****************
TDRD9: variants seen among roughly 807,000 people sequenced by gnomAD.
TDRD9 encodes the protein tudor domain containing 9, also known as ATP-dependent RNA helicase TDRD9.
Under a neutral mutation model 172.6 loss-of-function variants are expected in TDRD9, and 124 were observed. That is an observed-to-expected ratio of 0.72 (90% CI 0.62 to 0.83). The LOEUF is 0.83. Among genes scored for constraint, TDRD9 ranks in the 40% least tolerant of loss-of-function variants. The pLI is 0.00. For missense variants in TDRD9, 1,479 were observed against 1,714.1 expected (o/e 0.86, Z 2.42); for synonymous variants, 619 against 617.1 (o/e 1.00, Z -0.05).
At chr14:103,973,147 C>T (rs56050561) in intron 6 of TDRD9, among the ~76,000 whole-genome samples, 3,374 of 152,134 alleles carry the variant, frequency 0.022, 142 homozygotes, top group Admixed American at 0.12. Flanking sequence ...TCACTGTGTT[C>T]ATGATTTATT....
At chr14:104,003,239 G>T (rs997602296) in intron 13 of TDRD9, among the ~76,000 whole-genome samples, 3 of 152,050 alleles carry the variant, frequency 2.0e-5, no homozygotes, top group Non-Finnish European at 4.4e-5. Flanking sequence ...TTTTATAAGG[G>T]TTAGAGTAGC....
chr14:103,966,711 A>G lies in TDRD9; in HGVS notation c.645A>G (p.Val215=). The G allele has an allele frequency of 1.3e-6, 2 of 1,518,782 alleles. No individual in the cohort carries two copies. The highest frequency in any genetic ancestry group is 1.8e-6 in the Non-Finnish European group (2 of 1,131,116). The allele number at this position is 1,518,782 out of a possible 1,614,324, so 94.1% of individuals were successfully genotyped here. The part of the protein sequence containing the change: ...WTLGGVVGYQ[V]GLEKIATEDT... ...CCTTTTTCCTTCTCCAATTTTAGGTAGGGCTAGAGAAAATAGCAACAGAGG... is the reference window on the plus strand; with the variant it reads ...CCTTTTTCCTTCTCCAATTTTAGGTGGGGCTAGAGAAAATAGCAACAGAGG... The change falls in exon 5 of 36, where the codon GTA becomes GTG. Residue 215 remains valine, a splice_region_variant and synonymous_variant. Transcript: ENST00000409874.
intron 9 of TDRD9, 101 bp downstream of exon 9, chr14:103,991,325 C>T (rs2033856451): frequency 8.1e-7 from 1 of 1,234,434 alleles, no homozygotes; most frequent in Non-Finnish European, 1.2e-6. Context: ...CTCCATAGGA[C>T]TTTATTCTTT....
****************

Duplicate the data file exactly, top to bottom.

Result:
TDRD9: variants seen among roughly 807,000 people sequenced by gnomAD.
TDRD9 encodes the protein tudor domain containing 9, also known as ATP-dependent RNA helicase TDRD9.
Under a neutral mutation model 172.6 loss-of-function variants are expected in TDRD9, and 124 were observed. That is an observed-to-expected ratio of 0.72 (90% CI 0.62 to 0.83). The LOEUF is 0.83. Among genes scored for constraint, TDRD9 ranks in the 40% least tolerant of loss-of-function variants. The pLI is 0.00. For missense variants in TDRD9, 1,479 were observed against 1,714.1 expected (o/e 0.86, Z 2.42); for synonymous variants, 619 against 617.1 (o/e 1.00, Z -0.05).
At chr14:103,973,147 C>T (rs56050561) in intron 6 of TDRD9, among the ~76,000 whole-genome samples, 3,374 of 152,134 alleles carry the variant, frequency 0.022, 142 homozygotes, top group Admixed American at 0.12. Flanking sequence ...TCACTGTGTT[C>T]ATGATTTATT....
At chr14:104,003,239 G>T (rs997602296) in intron 13 of TDRD9, among the ~76,000 whole-genome samples, 3 of 152,050 alleles carry the variant, frequency 2.0e-5, no homozygotes, top group Non-Finnish European at 4.4e-5. Flanking sequence ...TTTTATAAGG[G>T]TTAGAGTAGC....
chr14:103,966,711 A>G lies in TDRD9; in HGVS notation c.645A>G (p.Val215=). The G allele has an allele frequency of 1.3e-6, 2 of 1,518,782 alleles. No individual in the cohort carries two copies. The highest frequency in any genetic ancestry group is 1.8e-6 in the Non-Finnish European group (2 of 1,131,116). The allele number at this position is 1,518,782 out of a possible 1,614,324, so 94.1% of individuals were successfully genotyped here. The part of the protein sequence containing the change: ...WTLGGVVGYQ[V]GLEKIATEDT... ...CCTTTTTCCTTCTCCAATTTTAGGTAGGGCTAGAGAAAATAGCAACAGAGG... is the reference window on the plus strand; with the variant it reads ...CCTTTTTCCTTCTCCAATTTTAGGTGGGGCTAGAGAAAATAGCAACAGAGG... The change falls in exon 5 of 36, where the codon GTA becomes GTG. Residue 215 remains valine, a splice_region_variant and synonymous_variant. Transcript: ENST00000409874.
intron 9 of TDRD9, 101 bp downstream of exon 9, chr14:103,991,325 C>T (rs2033856451): frequency 8.1e-7 from 1 of 1,234,434 alleles, no homozygotes; most frequent in Non-Finnish European, 1.2e-6. Context: ...CTCCATAGGA[C>T]TTTATTCTTT....